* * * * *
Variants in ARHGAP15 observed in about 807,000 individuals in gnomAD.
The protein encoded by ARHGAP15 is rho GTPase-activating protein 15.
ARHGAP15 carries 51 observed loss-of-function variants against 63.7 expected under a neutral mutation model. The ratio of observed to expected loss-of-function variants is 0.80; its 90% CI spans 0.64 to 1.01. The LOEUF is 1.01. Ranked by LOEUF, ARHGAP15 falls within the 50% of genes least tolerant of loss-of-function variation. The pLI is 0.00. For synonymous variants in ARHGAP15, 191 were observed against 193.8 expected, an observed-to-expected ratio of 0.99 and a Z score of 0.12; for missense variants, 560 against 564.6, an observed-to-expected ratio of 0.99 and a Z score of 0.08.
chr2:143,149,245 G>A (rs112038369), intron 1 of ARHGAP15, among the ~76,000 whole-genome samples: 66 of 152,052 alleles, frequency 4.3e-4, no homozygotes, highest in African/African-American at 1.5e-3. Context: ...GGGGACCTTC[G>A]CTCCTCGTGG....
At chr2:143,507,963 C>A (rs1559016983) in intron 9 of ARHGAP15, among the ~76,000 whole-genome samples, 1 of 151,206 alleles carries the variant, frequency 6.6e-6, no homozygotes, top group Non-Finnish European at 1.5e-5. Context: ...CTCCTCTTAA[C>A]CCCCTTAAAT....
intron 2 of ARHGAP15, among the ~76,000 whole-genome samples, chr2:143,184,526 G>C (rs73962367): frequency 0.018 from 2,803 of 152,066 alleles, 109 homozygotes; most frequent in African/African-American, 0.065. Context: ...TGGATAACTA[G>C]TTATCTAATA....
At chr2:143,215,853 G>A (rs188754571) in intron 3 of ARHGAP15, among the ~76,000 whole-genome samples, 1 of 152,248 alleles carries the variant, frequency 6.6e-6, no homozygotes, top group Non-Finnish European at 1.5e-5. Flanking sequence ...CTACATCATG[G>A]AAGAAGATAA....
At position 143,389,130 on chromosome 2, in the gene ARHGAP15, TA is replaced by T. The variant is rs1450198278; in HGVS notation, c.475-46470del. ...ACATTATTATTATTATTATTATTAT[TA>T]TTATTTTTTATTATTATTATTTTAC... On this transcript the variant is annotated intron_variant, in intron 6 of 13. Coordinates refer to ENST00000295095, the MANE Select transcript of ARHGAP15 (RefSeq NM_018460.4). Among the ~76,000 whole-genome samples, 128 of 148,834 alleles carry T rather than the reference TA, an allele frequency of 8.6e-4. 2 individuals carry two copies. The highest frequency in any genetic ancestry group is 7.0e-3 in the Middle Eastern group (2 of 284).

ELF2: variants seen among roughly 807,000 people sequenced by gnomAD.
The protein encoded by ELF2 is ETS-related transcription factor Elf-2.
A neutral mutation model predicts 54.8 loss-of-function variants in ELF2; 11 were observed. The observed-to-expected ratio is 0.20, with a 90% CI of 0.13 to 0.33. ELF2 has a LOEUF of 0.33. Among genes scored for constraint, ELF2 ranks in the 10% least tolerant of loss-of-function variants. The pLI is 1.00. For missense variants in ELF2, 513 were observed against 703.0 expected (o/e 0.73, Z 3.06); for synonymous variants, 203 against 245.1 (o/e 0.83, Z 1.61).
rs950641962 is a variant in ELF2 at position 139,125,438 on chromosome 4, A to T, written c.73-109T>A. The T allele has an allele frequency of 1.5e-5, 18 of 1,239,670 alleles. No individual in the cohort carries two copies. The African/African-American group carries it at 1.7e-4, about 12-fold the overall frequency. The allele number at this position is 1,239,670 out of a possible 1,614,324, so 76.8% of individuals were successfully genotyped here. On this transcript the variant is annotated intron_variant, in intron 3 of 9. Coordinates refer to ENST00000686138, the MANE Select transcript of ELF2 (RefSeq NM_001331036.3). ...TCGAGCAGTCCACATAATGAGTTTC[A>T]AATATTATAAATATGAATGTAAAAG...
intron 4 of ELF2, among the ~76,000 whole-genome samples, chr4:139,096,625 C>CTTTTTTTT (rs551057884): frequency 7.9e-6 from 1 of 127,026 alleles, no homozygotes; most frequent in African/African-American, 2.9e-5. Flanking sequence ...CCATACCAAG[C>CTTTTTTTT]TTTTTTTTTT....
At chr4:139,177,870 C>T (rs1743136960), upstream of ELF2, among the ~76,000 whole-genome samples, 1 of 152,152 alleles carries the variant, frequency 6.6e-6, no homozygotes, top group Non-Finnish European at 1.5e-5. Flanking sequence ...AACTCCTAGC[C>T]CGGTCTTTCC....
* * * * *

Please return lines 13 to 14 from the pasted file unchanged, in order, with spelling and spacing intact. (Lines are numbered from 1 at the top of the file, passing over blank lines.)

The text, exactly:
intron 4 of ELF2, among the ~76,000 whole-genome samples, chr4:139,096,625 C>CTTTTTTTT (rs551057884): frequency 7.9e-6 from 1 of 127,026 alleles, no homozygotes; most frequent in African/African-American, 2.9e-5. Flanking sequence ...CCATACCAAG[C>CTTTTTTTT]TTTTTTTTTT....
At chr4:139,177,870 C>T (rs1743136960), upstream of ELF2, among the ~76,000 whole-genome samples, 1 of 152,152 alleles carries the variant, frequency 6.6e-6, no homozygotes, top group Non-Finnish European at 1.5e-5. Flanking sequence ...AACTCCTAGC[C>T]CGGTCTTTCC....